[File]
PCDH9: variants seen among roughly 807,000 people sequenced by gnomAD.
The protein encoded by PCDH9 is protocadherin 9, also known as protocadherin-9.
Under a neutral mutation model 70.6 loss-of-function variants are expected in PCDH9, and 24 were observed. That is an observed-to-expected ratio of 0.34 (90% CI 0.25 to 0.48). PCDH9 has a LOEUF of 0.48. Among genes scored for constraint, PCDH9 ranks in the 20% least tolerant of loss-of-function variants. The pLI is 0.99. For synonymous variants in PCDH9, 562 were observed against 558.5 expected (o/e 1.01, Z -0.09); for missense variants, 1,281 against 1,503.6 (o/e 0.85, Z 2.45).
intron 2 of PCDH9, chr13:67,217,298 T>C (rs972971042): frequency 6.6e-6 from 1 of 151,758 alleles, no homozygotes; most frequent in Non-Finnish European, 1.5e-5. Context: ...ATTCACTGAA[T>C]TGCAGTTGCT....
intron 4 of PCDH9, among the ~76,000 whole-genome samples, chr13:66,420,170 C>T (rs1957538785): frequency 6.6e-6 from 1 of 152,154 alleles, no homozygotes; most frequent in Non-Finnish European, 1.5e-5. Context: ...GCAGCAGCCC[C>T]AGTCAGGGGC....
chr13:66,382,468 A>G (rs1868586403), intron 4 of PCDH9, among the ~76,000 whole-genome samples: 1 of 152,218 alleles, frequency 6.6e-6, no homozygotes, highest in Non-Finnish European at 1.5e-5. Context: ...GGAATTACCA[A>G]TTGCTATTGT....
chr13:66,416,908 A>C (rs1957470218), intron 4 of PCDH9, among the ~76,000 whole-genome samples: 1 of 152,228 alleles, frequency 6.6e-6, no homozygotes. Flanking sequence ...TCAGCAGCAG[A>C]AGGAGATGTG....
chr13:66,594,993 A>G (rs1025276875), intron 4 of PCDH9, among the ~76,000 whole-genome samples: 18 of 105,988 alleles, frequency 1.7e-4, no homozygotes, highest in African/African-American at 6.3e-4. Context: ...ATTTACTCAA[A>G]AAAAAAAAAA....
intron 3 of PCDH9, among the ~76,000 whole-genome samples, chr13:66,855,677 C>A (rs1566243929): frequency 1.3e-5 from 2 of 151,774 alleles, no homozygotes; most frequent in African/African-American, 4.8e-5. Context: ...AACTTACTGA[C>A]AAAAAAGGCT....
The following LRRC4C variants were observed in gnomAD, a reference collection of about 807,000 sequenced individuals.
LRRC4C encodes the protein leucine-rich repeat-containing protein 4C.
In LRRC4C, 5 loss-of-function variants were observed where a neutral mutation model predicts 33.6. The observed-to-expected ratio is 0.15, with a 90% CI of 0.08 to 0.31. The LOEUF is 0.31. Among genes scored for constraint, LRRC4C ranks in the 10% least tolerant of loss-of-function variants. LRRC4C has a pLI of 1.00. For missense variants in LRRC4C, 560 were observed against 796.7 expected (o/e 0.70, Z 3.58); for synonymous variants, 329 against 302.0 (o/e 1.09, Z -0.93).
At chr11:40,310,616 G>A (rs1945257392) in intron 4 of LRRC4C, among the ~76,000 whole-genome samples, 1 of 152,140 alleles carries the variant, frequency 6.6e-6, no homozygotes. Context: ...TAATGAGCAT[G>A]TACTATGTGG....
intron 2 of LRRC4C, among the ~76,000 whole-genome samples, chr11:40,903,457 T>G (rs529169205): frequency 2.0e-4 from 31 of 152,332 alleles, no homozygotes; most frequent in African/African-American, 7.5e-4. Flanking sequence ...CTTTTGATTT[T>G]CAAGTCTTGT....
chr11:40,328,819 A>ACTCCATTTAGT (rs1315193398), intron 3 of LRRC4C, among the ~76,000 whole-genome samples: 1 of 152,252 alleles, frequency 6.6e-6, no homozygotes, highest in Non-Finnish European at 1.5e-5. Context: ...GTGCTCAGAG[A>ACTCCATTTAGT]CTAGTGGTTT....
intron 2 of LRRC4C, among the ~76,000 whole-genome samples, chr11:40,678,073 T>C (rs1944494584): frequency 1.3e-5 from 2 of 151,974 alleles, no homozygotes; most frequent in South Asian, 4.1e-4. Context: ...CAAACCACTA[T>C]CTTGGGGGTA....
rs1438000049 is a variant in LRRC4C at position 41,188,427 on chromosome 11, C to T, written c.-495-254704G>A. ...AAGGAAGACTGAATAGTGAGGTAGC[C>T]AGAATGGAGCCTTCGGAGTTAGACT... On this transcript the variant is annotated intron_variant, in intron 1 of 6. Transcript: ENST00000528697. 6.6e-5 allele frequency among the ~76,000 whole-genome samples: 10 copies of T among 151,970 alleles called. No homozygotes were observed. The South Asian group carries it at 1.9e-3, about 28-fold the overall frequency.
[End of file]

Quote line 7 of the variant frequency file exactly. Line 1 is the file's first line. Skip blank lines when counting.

chr13:66,416,908 A>C (rs1957470218), intron 4 of PCDH9, among the ~76,000 whole-genome samples: 1 of 152,228 alleles, frequency 6.6e-6, no homozygotes. Flanking sequence ...TCAGCAGCAG[A>C]AGGAGATGTG....